Skip to main content

15-12-2009 | Cardiology | Article

Off-hours presentation may explain continuing fibrinolytic therapy in STEMI


Free abstract

MedWire News: A substantial number of ST-segment elevation myocardial infarction (STEMI) patients still receive fibrinolytic therapy at hospitals with capability to perform percutaneous coronary intervention (PCI) in the USA, report researchers.

Day and time of hospital arrival was the single strongest factor associated with the use of primary PCI, with presentation at weekends and evenings associated with around a 70% lower chance of undergoing primary PCI compared with during working hours on week days.

Despite increasing use of PCI, it is still not universally performed at PCI-capable centers, with more than one third such hospitals reporting use of fibrinolytic therapy.

To explore how clinical indications related to current PCI use, Reza Fazel (Emory University, Atlanta, Georgia, USA) and team analyzed data from the US National Registry of Myocardial Infarction (NRMI) on STEMI patients who presented at PCI-capable hospitals between 2000 and 2006.

They identified 25,579 patients who received primary PCI and 14,332 patients who received fibrinolytic therapy at 444 PCI-capable hospitals.

The rate of PCI varied widely across hospitals, from 40% to 86% (median 64%), but increased significantly each year, rising from 54% of patients in 2000 to 86% in 2006 (p for trend <0.001).

Of strong clinical indications for primary PCI, cardiogenic shock and delayed presentation were both associated with greater use of primary PCI, at adjusted odds ratios of 2.14 and 1.18, respectively, but Thrombolysis in MI risk score ≥5 was not.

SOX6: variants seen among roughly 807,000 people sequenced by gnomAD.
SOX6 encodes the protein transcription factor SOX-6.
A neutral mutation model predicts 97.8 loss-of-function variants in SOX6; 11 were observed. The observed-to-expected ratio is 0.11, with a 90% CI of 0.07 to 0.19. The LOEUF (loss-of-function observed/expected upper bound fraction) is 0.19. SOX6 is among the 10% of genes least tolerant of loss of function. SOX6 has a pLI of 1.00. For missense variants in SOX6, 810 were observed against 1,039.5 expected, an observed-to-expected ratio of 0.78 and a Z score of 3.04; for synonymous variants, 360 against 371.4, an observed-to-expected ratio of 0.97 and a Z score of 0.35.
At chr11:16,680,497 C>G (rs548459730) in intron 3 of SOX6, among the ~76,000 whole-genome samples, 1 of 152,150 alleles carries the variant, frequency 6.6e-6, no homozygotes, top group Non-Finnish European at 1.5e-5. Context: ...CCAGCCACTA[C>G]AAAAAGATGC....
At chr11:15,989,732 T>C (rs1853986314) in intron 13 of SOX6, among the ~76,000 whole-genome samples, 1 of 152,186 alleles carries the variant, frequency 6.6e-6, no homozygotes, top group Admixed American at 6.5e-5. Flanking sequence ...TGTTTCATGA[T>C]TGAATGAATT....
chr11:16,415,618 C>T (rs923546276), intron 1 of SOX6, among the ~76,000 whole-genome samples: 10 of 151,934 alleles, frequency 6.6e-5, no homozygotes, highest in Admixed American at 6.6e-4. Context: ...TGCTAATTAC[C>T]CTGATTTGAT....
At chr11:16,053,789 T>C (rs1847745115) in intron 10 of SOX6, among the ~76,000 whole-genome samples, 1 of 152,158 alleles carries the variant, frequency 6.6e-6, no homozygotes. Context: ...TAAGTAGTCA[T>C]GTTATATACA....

Advanced age, female gender, and non-White race (risk factors for intracranial hemorrhage after fibrinolytic therapy) were not associated with increased use of PCI – in fact older (aged 85 years or more) and non-White patients were less likely to undergo primary PCI than their younger and White counterparts, at odds ratios of 0.69 and 0.90, respectively.

Overall, the most striking factor associated with reduced likelihood of primary PCI was arrival at the hospital during off-hours (odds ratio=0.27, p<0.0001).

Interaction analysis indicated that use of primary PCI during off-hours was not being reserved for the PCI-preferred group, despite a much lower overall use during off-hours.

In a related editorial, Farhan Khawaja and Henry Ting (Mayo Clinic, Rochester, Minnesota, USA) comment that the study “exposes the gap between what guidelines recommend as the ideal reperfusion therapy for STEMI patients who present to PCI hospitals versus the routine, usual care that is provided every day and night.”

They note the inferred limitation in resources during off-hours “highlights an important opportunity to improve patient outcomes at PCI-capable hospitals and regional STEMI-receiving centers.”

MedWire ( is an independent clinical news service provided by Current Medicine Group, a trading division of Springer Healthcare Limited. © Springer Healthcare Ltd; 2009

By Caroline Price

Related topics